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Corus Tournament in Wijk aan Zee: a Creative Survey (Round 13)
Corus Tournament in Wijk aan Zee: a Creative Survey (Rounds 11-12)
Corus-Tournament in Wijk aan Zee: a Creative Survey (Rounds 3-4)
Corus Tournament in Wijk aan Zee: a Creative Survey (Rounds 5-6)
Corus Tournament in Wijk aan Zee: a Creative Survey (Rounds 1-2)
Corus Tournament in Wijk aan Zee: a Creative Survey (Rounds 7-8)
Corus Tournament in Wijk aan Zee: a Creative Survey (Rounds 9-10)
Corus Tournament in Wijk aan Zee: a Creative Survey (Rounds 1-2)
Corus Tournament in Wijk aan Zee: a Creative Survey (Rounds 5-6)
Corus-Tournament in Wijk aan Zee: a Creative Survey (Rounds 3-4)
Corus Tournament in Wijk aan Zee: a Creative Survey (Rounds 7-8)
Corus Tournament in Wijk aan Zee: a Creative Survey (Rounds 9-10)
Kramnik vs Deep Fritz. Games 4-6 annotated K.Sakaev
K.Sakaev. Creativity at the Superfinal, Rounds 9-11
K.Sakaev. Creativity at the Superfinal, Rounds 6-8
K.Sakaev comments on the games of Kramnik vs Deep Fritz match
K.Sakaev. Creativity at the Superfinal, Rounds 1-3
K.Sakaev. Creativity at the Superfinal, Rounds 4-5
Tenth round summary
Sofia, round 10: Topalov-Bacrot, Svidler-Kamsky
Eleventh round summary
Seventh round summary
Eighth round summary
Sixth round summary
First round summary
Third round summary
Fourth Round Summary
Ninth round summary
Second round summary
Fifth round summary

02.02.2007 Corus Tournament in Wijk aan Zee: a Creative Survey (Round 13)

Round 13

R.Ponomariov (2723) – A.Motylev (2647) [D47]

1.d4 d5 2.c4 c6 3.¤c3 ¤f6 4.e3 e6 5.¤f3 ¤bd7 6.Ґd3 dxc4 7.Ґxc4 b5 8.Ґd3 b4 9.¤e4 ¤xe4 10.Ґxe4 Ґb7 11.0–0 Ґd6 12.b3?! Without the classical 12.a3 White has nothing to count on.

12...¤f6 13.Ґd3 c5

It's time to review the opening results – Black hasn't got any problem.

14.Ґb5+ ўe7. The loss of castling is of no particular importance.

15.Ґb2 cxd4 16.Ґxd4 Јa5 17.Ґe2

17...¤e4! 18.Јe1 ¤c3 19.¤d2 Јc7 20.¤c4 Ґxh2+ 21.ўh1 Ґd6 22.Ґxc3 bxc3 23.Јxc3 Јc5! 24.Јa5 ¦ac8 25.Јxc5 Ґxc5

26.b4. In a quiet play White's position is also inferior.

26...Ґxb4 27.¦fb1 ¦b8 28.¦xb4 Ґxg2+ 29.ўxg2 ¦xb4. The rook and two pawns are stronger than two minor pieces as the knight has no bearing post.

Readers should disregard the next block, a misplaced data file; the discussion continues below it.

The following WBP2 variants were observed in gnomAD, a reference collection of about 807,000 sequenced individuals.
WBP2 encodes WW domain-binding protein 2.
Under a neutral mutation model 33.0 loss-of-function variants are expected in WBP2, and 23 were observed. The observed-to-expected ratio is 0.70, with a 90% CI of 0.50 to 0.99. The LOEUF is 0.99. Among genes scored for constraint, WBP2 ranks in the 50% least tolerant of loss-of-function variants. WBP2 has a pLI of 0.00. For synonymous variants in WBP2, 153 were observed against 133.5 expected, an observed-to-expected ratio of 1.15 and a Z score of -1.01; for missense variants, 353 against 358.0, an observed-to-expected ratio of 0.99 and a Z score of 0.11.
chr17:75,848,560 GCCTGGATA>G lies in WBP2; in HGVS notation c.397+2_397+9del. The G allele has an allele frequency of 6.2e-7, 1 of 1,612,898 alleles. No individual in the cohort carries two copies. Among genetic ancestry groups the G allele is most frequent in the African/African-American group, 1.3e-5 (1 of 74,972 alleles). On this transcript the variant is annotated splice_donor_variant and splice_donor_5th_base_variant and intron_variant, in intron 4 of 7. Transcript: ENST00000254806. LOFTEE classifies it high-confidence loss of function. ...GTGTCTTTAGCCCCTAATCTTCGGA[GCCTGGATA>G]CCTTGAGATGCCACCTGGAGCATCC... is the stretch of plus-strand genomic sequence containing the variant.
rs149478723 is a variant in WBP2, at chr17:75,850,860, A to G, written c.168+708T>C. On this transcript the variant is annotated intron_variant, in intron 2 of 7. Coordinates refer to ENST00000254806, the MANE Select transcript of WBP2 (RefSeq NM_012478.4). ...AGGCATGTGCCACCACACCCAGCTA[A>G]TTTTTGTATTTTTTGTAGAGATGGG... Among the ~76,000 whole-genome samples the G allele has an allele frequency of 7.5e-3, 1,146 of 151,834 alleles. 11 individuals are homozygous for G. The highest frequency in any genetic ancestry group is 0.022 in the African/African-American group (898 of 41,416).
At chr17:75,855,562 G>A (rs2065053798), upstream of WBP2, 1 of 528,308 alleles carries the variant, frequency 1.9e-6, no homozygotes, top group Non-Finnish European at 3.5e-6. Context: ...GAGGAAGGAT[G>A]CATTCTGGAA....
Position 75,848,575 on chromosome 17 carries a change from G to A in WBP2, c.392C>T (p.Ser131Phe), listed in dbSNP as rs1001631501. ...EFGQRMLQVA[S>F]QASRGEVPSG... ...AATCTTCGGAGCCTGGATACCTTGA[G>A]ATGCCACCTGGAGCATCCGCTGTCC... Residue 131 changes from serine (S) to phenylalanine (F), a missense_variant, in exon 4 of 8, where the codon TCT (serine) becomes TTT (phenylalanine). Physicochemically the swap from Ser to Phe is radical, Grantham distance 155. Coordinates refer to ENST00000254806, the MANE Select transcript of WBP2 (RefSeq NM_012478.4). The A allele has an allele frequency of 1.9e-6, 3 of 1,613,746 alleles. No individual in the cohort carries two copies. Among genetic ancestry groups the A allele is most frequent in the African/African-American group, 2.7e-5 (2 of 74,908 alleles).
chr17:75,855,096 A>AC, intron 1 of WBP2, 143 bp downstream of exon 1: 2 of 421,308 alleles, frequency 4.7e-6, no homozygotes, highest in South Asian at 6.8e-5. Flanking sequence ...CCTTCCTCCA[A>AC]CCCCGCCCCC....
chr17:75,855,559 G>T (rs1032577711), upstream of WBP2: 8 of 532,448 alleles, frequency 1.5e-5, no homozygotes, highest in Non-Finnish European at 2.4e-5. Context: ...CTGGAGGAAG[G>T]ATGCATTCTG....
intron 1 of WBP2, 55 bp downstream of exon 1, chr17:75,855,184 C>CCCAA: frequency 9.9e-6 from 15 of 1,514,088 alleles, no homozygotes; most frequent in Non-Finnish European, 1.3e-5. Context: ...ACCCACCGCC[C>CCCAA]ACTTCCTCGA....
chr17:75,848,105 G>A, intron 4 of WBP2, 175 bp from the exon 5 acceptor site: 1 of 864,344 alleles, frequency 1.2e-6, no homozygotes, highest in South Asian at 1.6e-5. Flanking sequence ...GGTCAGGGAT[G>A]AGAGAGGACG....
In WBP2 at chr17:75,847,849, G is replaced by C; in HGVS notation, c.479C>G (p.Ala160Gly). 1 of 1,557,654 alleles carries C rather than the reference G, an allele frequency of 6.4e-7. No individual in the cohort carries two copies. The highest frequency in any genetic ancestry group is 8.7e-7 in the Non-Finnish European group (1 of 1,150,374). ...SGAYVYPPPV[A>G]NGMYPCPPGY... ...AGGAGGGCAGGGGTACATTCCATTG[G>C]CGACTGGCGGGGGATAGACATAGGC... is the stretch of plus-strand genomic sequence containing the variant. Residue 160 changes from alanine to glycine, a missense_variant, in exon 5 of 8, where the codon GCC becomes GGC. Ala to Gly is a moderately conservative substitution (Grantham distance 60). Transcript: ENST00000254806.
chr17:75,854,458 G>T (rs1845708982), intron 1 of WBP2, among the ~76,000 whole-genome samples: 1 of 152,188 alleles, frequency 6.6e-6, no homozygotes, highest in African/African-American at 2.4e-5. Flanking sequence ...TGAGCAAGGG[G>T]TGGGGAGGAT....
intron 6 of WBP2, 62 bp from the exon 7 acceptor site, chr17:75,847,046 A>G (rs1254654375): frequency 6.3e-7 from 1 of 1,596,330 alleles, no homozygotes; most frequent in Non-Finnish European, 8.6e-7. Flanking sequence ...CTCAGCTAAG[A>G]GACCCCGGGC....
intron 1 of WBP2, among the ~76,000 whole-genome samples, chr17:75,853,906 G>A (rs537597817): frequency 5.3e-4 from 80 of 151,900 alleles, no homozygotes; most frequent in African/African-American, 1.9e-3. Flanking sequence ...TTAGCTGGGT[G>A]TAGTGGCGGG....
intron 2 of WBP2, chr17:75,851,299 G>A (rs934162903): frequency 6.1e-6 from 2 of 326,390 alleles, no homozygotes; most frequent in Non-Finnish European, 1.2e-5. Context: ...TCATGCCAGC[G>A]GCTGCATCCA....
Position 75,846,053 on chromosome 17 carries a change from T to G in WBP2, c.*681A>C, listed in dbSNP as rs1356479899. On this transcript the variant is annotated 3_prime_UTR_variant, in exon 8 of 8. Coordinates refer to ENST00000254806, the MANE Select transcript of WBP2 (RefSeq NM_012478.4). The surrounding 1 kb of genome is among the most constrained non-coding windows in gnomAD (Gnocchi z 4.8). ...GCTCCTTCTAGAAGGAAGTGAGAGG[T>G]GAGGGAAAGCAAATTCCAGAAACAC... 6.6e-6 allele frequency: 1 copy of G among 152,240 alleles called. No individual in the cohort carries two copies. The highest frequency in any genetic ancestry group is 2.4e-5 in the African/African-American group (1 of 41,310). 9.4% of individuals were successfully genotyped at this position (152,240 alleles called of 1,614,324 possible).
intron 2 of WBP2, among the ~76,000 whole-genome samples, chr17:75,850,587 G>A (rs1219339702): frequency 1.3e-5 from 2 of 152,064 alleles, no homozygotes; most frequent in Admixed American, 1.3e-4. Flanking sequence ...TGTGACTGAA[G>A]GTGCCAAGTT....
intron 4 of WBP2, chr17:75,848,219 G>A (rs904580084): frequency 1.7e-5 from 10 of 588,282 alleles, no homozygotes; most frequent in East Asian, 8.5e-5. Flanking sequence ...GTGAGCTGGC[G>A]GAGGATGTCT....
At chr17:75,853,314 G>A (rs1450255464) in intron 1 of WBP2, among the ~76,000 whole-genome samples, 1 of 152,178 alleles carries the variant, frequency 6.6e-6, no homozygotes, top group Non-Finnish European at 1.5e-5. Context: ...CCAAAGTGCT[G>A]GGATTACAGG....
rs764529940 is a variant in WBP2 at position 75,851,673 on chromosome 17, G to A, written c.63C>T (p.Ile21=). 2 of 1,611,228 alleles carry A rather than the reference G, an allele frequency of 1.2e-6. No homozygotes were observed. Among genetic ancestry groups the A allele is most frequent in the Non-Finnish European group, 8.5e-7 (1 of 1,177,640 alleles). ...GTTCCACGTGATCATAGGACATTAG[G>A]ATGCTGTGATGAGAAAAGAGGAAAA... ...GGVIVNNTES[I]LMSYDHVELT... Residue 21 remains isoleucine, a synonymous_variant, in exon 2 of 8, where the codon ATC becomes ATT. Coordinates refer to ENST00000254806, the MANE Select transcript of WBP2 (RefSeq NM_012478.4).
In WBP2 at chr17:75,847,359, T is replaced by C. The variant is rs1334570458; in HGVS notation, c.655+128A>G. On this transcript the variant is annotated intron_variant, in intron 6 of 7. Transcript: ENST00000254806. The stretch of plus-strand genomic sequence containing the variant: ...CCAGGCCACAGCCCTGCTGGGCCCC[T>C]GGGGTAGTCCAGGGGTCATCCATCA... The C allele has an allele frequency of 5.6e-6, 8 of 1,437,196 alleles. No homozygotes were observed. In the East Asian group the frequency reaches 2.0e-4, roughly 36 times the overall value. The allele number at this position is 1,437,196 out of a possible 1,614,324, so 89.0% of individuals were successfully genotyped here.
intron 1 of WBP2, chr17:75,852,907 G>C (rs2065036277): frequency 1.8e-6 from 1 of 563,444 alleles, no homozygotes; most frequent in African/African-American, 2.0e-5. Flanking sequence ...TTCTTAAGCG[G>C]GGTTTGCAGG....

30.a3 ¦bb8 31.¦h1 h6 [stronger was 31...g6!] 32.¦h5 f5. More dangerous for White is 32...g5!?, keeping the position closed.

33.e4! Opening the scope for the white pieces. Obtaining the e3 square for the knight White confidently escapes to a draw.

33...ўf6 34.exf5 exf5 35.¤e3 g6 36.¦h4 ¦b2 37.Ґf3 h5 38.¦a4 ¦h7 39.¤c4 ¦c2 40.¦a6+ ўg5 41.¤e5 ¦g7 42.Ґd5 ¦cc7 43.¤f3+ ўh6 44.¤d4 ¦gd7 45.¤xf5+ ўh7 46.¤e3 ¦e7 47.¦a5 ўh6 48.Ґf3 ¦e6 49.¦d5 ¦f7 Ѕ–Ѕ

V.Kramnik (2766) – L.Van Wely (2683) [D30]

1.d4 d5 2.c4 c6 3.¤f3 ¤f6 4.e3 e6 5.Ґd3 ¤bd7 6.b3 b6 7.0–0 Ґb7 8.Ґb2 Ґe7 9.¤c3 0–0 10.Јc2 ¦c8 11.¦ad1 Јc7 12.¤e5 h6 13.Јe2 ¦fd8 14.f4

White has placed his pieces very well. They all are looking at the lonely black king.

14...c5 15.cxd5 ¤xd5 16.¤b5 Јb8

17.¤xd7. White opens the diagonal for the black queen while the wedge on e5 could be of use for him. Here is an illustrative line showing White's attacking possibilities pointed by Alexander Khalifman: 17.f5!? ¤xe5 18.dxe5 a6 19.fxe6 axb5 20.Јh5! c4 21.Ґb1 c3 22.¦xd5! Ґxd5 23.Јxf7+ ўh8 24.Ґxc3 ¦xc3 25.Јf5, and White checkmates.

17...¦xd7 18.f5 Ґg5 19.fxe6 fxe6 20.Јg4? Caused by a tactical miscalculation. Since White had begun to open the diagonal for his dark-squared bishop two moves earlier he should have continued to do it – 20.dxc5! bxc5 21.Јg4 with a decisive attack.

20...¦e7? 20...Ґxe3+ 21.ўh1 ¤f4 led to a crazy position; as it was correctly pointed again by Alexander Khalifman White should have to find 22.d5!! (in case f the natural 22.¦xf4 Јxf4 23.Јxe6+ ¦f7 24.¦f1 Ґf2 25.d5 ¦d8 26.Ґc4 Ґc8 27.Јe5 ўh7 White is facing the fight for salvation) 22...Ґxd5 23.Ґe4! Јb7 24.¤c3!, and White retains sufficient counterchances.